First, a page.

I say, "But..." but he refuses to listen, and the next thing you know I've been thrown out of church.

I stand on the walkway, staring at St. Mary's front door, not quite believing what's just happened. Why did he think I'd stolen his cross? Just because I'd broken some rules at school didn't make me a thief! But I could tell that this new Father Mayhew was not someone to argue with, so after a few minutes of standing around fuming, I headed over to the soup kitchen.

The soup kitchen doesn't serve soup. Not that I've ever seen, anyway. It mostly serves sandwiches or just pre-packaged food. I'd never actually been inside the Soup Kitchen, but I'd watched people waiting for it to open or eating on the benches outside.

Some strange people hang out at the soup kitchen. It's next to the Salvation Army, and right between them is this grassy area where people spend the day passing cigarettes around, checking out bandannas on other guys' dogs, or rocking strollers back and forth, trying to keep their babies from crying.

And whenever I walk by, I wonder how the people got there. Do they have homes? Do they sleep in the bushes? What do they do when it rains? Grams calls them bums and usually I do, too, and the ones who hang out in the grass all day asking you for money when you walk by, well, I think they are.

But then I'll see a really old man standing in line and wonder how he wound up at the soup kitchen. Did he start out sharing cigarettes and checking out bandannas? Or did he go out for a walk one day and forget how to get home.

I've thought about following them to see where they go at night, but according to Marissa and Dot, half of them really do have homes and the other half camp out under the Stowell Road overpass.

Anyhow, there I am, knocking on the front door of the soup kitchen while all the bums in town are checking me out. Finally, someone opens the door and says, "We're not open for another half-hour."

Well, it's Brother Phil, and if you knew Brother Phil, you'd know why I had to stick my foot in the door. Phil is kind of, well, dense. He's got a round face and a round belly, and a very round head. A very dense round head. Normally, you don't think about a person's head, but with Brother Phil you can't help it. He's mostly bald, only I don't think he's quite admitted that to himself yet. He plasters what hair he has left from one side of his head clear over the top to the other side. And since Brother Phil's got such a round head, no matter what he does, there's always a patch where his scalp shines through like a flashlight in a bat cave.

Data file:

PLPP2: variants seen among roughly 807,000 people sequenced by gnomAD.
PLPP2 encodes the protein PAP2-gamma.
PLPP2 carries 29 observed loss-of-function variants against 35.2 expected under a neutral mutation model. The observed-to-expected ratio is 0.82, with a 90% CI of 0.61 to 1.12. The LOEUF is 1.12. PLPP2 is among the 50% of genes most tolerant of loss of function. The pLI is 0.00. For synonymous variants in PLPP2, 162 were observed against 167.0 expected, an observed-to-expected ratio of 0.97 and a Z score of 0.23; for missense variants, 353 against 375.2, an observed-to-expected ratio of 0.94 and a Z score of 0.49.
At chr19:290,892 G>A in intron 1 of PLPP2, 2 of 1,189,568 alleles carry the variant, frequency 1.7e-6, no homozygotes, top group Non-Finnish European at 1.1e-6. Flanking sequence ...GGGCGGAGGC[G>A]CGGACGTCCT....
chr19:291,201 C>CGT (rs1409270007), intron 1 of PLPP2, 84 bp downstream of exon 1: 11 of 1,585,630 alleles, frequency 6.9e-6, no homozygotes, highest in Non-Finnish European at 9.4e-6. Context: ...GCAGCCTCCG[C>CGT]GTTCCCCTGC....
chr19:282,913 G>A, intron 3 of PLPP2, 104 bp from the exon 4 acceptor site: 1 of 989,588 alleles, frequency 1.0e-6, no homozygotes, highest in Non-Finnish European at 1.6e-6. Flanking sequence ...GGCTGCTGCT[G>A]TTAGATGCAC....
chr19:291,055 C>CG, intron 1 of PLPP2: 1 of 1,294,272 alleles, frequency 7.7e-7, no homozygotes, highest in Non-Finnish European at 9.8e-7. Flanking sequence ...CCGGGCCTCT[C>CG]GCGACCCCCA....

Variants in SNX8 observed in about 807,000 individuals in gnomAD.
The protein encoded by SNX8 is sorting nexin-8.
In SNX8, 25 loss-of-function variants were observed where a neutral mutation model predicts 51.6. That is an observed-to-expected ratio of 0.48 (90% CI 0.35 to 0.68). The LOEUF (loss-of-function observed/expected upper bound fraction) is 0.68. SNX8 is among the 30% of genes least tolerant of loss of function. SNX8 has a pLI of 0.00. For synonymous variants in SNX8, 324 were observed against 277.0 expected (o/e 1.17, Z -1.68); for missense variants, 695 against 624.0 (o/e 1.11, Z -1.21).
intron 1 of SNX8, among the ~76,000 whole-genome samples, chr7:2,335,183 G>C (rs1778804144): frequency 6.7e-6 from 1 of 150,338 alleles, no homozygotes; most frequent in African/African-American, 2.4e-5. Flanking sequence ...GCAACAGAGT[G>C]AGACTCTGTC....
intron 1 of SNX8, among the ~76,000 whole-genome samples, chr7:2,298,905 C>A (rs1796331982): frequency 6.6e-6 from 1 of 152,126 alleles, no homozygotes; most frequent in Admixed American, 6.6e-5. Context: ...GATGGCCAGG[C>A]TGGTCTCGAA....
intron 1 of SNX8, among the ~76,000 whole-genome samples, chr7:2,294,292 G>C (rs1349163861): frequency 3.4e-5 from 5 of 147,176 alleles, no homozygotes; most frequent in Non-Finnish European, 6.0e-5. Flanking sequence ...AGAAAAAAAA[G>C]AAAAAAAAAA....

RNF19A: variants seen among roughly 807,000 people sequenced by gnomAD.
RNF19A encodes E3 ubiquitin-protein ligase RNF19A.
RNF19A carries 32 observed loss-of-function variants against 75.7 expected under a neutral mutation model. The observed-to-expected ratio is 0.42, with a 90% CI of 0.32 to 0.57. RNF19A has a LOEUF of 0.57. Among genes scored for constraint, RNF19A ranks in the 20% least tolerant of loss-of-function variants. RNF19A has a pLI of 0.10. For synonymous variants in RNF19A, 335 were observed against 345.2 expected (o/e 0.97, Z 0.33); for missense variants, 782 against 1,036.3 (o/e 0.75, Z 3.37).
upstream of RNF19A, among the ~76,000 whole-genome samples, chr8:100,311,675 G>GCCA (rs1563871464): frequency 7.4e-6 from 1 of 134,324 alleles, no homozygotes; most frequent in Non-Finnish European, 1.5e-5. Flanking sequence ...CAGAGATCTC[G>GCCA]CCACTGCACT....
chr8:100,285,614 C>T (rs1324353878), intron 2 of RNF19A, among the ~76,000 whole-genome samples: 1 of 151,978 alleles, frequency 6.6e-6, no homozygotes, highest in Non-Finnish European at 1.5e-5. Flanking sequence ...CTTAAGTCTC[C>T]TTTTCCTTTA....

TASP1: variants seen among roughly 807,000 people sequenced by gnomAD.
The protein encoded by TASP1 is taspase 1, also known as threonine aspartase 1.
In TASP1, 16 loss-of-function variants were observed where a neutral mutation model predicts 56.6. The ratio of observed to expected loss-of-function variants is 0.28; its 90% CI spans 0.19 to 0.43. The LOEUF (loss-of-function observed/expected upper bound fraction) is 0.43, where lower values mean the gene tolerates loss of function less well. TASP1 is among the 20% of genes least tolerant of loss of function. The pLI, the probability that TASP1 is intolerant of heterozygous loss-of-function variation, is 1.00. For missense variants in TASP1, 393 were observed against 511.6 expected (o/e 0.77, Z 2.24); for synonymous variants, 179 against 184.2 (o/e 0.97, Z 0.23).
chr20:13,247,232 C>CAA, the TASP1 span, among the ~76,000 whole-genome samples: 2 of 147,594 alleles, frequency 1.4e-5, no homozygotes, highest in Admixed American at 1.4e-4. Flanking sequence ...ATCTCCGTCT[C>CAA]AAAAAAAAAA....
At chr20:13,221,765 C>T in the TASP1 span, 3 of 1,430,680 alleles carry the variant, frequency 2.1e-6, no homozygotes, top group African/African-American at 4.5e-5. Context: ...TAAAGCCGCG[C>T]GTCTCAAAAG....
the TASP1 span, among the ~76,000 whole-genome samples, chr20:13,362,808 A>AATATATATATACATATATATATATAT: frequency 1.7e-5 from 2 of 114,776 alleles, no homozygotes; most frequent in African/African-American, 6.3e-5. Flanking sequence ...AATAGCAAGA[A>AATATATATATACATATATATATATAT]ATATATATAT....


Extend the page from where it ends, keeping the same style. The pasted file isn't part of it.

Brother Phil's not the kind of guy you try to explain things to. He doesn't listen real well. He has his own ideas about things, and getting him to change his mind is like opening a gate that's swelled shut in the rain.

So before Brother Phil can slam the door in my face, I stick my high-top in and say, "Father Mayhew sent me over."

He says, "Fine, but we won't be serving for another half-hour," while he's pushing on the door trying to figure out why it won't close.

"Brother Phil, he sent me over to help, not to eat!"

He just stares at me. Then one of his eyes twitches a few times and he asks, "You're here to help?"

I let myself in. "That's right."

Sitting at a table in the kitchen are Sister Josephine and Sister Mary Margaret, and they're hovering over a map. Sister Josephine looks up and then scrambles out of her chair. "What are you doing here?" she asks, like I've caught her having a swig of holy water.

Before I can answer, she turns to Brother Phil and says, "What's going on?"

"Mayhew sent her over. To help, I guess."

I just stand there like an idiot, wishing I was back scrubbing purple glass, when Sister Mary Margaret stands up and says, "Well that's wonderful! We can always use an extra hand." She points to the map and says, "Sister and I were just planning our vacation — "
Brother Phil cuts in, saying, "I don't know why you have to plan it out. You go to Las Vegas every year. And you take the bus!"

Sister Josephine picks up her cane, kind of cocking it in case Brother Phil gets even farther out of line. "Last year, if you recall, the bus broke down and we had to wait five hours in the middle of the desert for someone to repair it. If we'd had a map, maybe we could've done something about it."

Brother Phil shakes his head. "Like what?"

Sister Mary Margaret shrugs and says, "Who knows, Philip...maybe hitchhike."

So I'm trying to picture the two of them on the side of the road with their thumbs out, when Mary Margaret folds the map up real neat and says, "Regardless, it's our little adventure and we're enjoying it." She turns to me. "What's your name again, dear?"

"Sammy. Sammy Keyes."

She smiles. "That's right. You come Sundays with your grandmother, don't you?"

I give her a little nod.

"Not every Sunday, though."

Well, that's a little unnerving, let me tell you. I mean lots of people go to St. Mary's on Sundays. How could she possibly notice if I'm not there?